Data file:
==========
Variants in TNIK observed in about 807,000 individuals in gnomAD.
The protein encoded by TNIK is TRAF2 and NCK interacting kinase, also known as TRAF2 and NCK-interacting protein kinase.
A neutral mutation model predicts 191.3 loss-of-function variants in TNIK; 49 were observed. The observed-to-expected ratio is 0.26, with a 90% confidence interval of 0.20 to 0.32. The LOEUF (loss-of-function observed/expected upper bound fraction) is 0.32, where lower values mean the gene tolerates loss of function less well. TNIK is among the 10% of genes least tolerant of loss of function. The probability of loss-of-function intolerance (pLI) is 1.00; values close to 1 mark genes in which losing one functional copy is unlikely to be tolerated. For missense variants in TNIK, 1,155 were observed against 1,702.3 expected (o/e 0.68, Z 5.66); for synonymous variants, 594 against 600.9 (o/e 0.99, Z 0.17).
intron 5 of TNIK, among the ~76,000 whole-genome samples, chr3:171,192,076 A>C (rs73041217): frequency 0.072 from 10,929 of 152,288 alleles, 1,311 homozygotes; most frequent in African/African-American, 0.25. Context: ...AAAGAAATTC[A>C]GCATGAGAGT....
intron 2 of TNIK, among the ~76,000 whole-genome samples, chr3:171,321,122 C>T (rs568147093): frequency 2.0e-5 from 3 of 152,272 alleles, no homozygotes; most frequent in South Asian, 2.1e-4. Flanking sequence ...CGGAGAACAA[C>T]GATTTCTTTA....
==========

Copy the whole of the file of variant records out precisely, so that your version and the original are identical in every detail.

Variants in TNIK observed in about 807,000 individuals in gnomAD.
The protein encoded by TNIK is TRAF2 and NCK interacting kinase, also known as TRAF2 and NCK-interacting protein kinase.
A neutral mutation model predicts 191.3 loss-of-function variants in TNIK; 49 were observed. The observed-to-expected ratio is 0.26, with a 90% confidence interval of 0.20 to 0.32. The LOEUF (loss-of-function observed/expected upper bound fraction) is 0.32, where lower values mean the gene tolerates loss of function less well. TNIK is among the 10% of genes least tolerant of loss of function. The probability of loss-of-function intolerance (pLI) is 1.00; values close to 1 mark genes in which losing one functional copy is unlikely to be tolerated. For missense variants in TNIK, 1,155 were observed against 1,702.3 expected (o/e 0.68, Z 5.66); for synonymous variants, 594 against 600.9 (o/e 0.99, Z 0.17).
intron 5 of TNIK, among the ~76,000 whole-genome samples, chr3:171,192,076 A>C (rs73041217): frequency 0.072 from 10,929 of 152,288 alleles, 1,311 homozygotes; most frequent in African/African-American, 0.25. Context: ...AAAGAAATTC[A>C]GCATGAGAGT....
intron 2 of TNIK, among the ~76,000 whole-genome samples, chr3:171,321,122 C>T (rs568147093): frequency 2.0e-5 from 3 of 152,272 alleles, no homozygotes; most frequent in South Asian, 2.1e-4. Flanking sequence ...CGGAGAACAA[C>T]GATTTCTTTA....